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Sutton v. Vilsack

United States District Court, D. South Carolina, Charleston Division

August 20, 2014

ORLANDO SUTTON, Plaintiff,
v.
TOM J. VILSACK, Secretary of Department of Agriculture, Defendant.

ORDER

DAVID C. NORTON, District Judge.

This matter is before the court on Magistrate Judge Bristow Marchant's Report and Recommendation ("R&R") that this court grant Secretary of Agriculture Tom J. Vilsack's ("the Secretary") motion for summary judgment. Plaintiff Orlando Sutton ("Sutton") filed written objections to the R&R. For the reasons set forth below, the court adopts the R&R and grants the Secretary's motion for summary judgment as to Sutton's breach of settlement agreement and retaliation claims. However, because the Secretary has not moved for summary judgment on Sutton's racial discrimination claim, this order does not affect that claim.

I. BACKGROUND

A. Procedural History

On May 24, 2012, Sutton filed this action against the Secretary asserting claims for breach of settlement agreement, as well as racial discrimination and retaliation in violation of the Civil Rights Act of 1991, Title VII of the Civil Rights Act of 1964, and 42 U.S.C. § 1981. The Secretary moved for summary judgment on January 30, 2014. Sutton responded on March 10, 2014 and supplemented his response on March 12, 2014. The magistrate judge issued an R&R on June 25, 2014, recommending that this court grant the Secretary's motion for summary judgment. Sutton filed objections to the R&R on July 15, 2014 and supplemented his objections the next day. This matter is now ripe for the court's review.

B. Factual Allegations[1]

Sutton is an African-American male who was at all relevant times employed as a district ranger for the Department of Agriculture ("the Department"). Compl. Ex. A. Sutton complained to the Equal Employment Opportunity Commission ("EEOC") that the Department was discriminating against him on the bases of race, color, and sex. Id. At some time thereafter, Sutton entered into a settlement agreement with the Department that resolved the issues raised in his initial filing with the EEOC. Compl. ¶ 7. The settlement agreement stated that Sutton would receive certain training during 2010, provided the training was available and that he coordinated the training with his supervisor. Id. Sutton understood that completing such training would not guarantee him a promotion. Id.

Sutton asserts that he has not received the training as set out in the settlement agreement. Compl. ¶ 8. Additionally, he alleges that he has been retaliated against by Department employees on numerous occasions since complaining that the Department had breached the settlement agreement. Id. Specifically, he alleges that: he was not allowed to attend various fire training exercises, even though Caucasians were allowed to attend; he was not reimbursed for private automobile mileage, even though Caucasians were reimbursed for such mileage; and the Department refused to process his worker's compensation claim in a timely matter because of his race and prior protected activity. Compl. ¶¶ 8-10.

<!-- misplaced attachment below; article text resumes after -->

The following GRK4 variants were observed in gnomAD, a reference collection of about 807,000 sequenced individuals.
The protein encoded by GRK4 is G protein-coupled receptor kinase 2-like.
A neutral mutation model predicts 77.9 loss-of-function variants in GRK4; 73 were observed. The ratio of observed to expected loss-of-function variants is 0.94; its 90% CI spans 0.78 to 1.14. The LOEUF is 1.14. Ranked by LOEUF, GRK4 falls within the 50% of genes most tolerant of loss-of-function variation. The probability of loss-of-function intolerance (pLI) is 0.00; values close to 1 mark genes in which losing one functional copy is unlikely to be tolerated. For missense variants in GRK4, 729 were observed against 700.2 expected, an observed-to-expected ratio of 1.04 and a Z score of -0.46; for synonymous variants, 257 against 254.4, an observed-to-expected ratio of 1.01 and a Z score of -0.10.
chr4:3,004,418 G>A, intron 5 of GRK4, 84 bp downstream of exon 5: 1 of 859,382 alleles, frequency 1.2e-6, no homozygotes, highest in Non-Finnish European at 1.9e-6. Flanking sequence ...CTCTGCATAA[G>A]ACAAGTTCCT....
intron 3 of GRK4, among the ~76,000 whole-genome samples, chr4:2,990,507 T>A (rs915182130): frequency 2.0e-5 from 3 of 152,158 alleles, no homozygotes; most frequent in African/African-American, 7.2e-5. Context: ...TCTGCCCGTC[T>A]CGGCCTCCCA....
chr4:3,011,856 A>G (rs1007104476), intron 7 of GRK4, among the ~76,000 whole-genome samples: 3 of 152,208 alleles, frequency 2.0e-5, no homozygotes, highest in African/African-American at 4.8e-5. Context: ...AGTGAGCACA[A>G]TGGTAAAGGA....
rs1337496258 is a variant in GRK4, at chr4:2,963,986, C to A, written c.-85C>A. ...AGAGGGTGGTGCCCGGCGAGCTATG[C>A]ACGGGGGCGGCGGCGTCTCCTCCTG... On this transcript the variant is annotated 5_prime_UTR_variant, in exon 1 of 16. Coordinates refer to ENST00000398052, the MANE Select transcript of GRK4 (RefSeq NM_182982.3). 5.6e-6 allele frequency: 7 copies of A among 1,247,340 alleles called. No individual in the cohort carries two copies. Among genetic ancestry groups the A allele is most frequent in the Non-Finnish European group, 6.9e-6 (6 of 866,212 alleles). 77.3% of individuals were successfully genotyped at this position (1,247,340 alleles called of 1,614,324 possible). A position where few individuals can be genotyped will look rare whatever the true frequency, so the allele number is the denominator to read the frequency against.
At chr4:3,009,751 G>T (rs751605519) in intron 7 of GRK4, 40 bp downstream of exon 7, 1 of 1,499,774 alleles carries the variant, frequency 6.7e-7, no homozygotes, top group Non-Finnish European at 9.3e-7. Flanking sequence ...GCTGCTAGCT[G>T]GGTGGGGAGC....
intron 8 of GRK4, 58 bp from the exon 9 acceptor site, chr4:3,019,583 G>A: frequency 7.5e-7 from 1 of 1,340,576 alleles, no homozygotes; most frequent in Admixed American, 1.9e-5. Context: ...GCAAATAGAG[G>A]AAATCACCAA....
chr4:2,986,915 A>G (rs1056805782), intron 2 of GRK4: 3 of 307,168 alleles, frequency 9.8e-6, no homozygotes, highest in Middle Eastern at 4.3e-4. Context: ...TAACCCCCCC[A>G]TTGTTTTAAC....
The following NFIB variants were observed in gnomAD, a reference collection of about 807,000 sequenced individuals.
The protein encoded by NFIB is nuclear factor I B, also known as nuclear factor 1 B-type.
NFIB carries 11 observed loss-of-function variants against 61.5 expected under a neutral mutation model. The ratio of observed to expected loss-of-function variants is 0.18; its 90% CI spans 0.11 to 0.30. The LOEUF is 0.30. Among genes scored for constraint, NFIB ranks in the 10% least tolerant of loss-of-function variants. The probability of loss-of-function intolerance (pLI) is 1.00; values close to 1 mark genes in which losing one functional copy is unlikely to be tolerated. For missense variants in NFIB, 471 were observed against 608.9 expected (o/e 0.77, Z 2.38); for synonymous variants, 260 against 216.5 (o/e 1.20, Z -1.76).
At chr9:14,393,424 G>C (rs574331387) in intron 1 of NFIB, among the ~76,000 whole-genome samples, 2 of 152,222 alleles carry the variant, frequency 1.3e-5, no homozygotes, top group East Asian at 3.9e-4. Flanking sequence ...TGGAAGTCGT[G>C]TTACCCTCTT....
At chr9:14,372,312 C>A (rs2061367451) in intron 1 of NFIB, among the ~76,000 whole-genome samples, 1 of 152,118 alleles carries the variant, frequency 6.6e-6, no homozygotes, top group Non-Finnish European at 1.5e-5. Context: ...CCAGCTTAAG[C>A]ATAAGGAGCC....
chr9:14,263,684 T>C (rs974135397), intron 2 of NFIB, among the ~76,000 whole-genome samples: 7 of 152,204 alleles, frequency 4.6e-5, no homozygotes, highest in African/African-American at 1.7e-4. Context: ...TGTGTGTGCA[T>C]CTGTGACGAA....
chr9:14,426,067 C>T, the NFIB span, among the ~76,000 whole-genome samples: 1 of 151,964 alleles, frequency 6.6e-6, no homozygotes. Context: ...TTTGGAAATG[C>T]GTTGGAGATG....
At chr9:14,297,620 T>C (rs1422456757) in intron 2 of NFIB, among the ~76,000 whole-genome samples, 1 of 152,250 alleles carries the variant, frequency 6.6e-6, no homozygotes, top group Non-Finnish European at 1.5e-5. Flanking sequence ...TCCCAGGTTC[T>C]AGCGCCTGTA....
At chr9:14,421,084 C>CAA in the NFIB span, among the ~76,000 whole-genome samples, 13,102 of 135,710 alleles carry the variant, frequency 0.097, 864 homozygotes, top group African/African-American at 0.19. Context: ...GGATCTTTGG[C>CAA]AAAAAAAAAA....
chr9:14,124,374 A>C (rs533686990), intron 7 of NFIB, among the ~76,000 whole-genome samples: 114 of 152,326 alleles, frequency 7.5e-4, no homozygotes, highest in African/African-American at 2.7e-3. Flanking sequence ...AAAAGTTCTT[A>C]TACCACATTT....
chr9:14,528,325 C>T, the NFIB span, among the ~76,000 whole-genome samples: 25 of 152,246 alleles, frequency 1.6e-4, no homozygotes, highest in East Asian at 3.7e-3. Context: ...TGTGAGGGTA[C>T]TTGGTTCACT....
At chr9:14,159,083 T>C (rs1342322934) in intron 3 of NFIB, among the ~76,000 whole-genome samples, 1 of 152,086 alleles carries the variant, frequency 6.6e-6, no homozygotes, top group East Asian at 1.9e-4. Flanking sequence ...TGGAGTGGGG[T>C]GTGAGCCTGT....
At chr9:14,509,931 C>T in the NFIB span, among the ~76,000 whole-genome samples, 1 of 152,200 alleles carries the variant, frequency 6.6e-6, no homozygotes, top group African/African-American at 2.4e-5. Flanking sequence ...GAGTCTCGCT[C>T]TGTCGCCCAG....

II. STANDARD OF REVIEW

A. Objections to R&R

This court is charged with conducting a de novo review of any portion of the magistrate judge's R&R to which specific, written objections are made. 28 U.S.C. § 636(b)(1). A party's failure to object is accepted as agreement with the conclusions of the magistrate judge. See Thomas v. Arn, 474 U.S. 140, 149-50 (1985). In absence of a timely filed objection to a magistrate judge's R&R, this court need not conduct a de novo review, but instead must "only satisfy itself that there is no clear error on the face of the record in order to accept the recommendation." Diamond v. Colonial Life & Acc. Ins. Co., 416 F.3d 310, 315 (4th Cir. 2005) (citing Fed.R.Civ.P. 72 advisory committee's note). The recommendation of the magistrate judge carries no presumptive weight, and the responsibility to make a final determination rests with this court. Mathews v. Weber, 423 U.S. 261, 270-71 (1976). This court may accept, reject, or modify the report of the magistrate judge, in whole or in part, or may recommit the matter to him with instructions for further consideration. 28 U.S.C. § 636(b)(1).

B. Summary Judgment

Summary judgment is proper "if the movant shows that there is no genuine dispute as to any material fact and the movant is entitled to judgment as a matter of law." Fed.R.Civ.P. 56(a). "Only disputes over facts that might affect the outcome of the suit under the governing law will properly preclude the entry of summary judgment." Anderson v. Liberty Lobby, Inc., 477 U.S. 242, 248 (1986). "[S]ummary judgment will not lie if the dispute about a material fact is genuine, ' that is, if the evidence is such that a reasonable jury could return a verdict for the nonmoving party." Id. At the summary ...


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